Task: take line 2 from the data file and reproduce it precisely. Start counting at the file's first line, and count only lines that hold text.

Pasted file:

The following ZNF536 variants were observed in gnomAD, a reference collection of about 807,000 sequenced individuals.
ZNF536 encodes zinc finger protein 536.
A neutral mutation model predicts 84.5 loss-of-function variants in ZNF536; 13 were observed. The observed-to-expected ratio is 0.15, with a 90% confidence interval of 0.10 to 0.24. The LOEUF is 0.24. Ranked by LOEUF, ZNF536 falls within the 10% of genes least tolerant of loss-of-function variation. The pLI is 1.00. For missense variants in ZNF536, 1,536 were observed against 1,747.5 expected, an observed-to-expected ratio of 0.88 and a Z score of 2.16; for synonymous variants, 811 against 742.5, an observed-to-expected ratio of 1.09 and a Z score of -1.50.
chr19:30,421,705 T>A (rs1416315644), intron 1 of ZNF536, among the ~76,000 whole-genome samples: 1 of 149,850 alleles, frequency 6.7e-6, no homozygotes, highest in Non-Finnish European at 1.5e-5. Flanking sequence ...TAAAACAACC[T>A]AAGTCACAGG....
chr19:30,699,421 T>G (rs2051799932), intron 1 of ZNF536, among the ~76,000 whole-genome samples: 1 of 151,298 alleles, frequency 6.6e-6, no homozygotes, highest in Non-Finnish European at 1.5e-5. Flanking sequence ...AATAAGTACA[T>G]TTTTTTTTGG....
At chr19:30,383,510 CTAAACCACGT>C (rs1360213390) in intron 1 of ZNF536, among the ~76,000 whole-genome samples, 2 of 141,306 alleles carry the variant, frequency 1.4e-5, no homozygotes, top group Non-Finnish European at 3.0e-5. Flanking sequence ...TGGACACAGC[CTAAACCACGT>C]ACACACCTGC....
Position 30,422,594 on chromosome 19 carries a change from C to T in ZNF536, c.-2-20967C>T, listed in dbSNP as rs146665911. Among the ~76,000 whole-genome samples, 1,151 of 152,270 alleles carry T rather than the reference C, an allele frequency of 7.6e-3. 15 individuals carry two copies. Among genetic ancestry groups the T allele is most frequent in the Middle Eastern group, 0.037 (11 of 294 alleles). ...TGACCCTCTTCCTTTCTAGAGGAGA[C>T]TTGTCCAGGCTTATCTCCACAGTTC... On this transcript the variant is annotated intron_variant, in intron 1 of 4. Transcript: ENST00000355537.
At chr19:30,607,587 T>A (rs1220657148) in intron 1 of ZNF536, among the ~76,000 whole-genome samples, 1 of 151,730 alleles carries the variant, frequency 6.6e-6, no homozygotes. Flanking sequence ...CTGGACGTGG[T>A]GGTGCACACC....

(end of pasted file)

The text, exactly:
ZNF536 encodes zinc finger protein 536.